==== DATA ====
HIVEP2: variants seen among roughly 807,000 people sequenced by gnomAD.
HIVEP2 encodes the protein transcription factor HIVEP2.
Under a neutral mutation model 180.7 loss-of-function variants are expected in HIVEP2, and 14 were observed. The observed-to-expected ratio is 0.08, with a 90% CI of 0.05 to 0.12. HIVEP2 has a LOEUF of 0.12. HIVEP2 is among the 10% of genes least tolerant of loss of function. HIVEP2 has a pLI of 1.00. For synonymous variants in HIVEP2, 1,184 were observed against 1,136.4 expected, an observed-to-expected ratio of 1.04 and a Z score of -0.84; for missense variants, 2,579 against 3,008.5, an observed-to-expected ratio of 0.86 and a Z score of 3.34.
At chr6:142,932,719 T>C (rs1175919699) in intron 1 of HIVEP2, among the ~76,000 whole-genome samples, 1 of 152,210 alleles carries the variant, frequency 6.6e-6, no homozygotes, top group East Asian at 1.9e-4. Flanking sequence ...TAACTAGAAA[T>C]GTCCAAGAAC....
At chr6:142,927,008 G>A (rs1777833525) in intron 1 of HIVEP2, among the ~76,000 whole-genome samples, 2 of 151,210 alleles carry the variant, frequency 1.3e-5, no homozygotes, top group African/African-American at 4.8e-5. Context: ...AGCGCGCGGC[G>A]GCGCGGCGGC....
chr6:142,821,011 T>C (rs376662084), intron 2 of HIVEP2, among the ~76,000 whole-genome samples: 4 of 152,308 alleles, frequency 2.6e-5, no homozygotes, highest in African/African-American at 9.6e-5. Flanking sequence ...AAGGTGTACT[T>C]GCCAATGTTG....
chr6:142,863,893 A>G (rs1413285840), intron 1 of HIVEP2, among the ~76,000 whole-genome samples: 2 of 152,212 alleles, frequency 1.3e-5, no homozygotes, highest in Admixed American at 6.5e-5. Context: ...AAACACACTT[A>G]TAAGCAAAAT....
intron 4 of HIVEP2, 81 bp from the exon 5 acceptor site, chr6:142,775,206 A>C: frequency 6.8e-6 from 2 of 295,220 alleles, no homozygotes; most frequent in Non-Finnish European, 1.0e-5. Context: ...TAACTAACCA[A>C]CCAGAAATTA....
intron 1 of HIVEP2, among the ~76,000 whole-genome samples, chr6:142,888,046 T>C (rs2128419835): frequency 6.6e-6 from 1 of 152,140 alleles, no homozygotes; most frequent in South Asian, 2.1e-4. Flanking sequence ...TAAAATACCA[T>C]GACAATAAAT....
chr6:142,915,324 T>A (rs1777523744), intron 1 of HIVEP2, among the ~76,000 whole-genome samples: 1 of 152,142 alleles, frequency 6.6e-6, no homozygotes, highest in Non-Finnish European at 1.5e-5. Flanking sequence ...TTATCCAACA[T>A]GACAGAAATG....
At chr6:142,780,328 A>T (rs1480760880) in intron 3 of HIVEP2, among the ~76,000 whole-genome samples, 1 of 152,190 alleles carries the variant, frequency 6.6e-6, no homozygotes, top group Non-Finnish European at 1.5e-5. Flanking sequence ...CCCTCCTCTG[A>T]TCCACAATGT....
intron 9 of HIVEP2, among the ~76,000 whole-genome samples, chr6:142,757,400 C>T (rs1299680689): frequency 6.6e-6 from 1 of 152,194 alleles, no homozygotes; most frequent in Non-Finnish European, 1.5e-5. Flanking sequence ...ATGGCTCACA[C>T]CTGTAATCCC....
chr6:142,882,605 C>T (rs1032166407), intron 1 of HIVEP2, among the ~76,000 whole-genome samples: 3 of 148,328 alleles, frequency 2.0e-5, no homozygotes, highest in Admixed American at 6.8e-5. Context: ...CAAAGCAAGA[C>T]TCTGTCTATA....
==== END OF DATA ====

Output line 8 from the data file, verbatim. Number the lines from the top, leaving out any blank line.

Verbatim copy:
intron 4 of HIVEP2, 81 bp from the exon 5 acceptor site, chr6:142,775,206 A>C: frequency 6.8e-6 from 2 of 295,220 alleles, no homozygotes; most frequent in Non-Finnish European, 1.0e-5. Context: ...TAACTAACCA[A>C]CCAGAAATTA....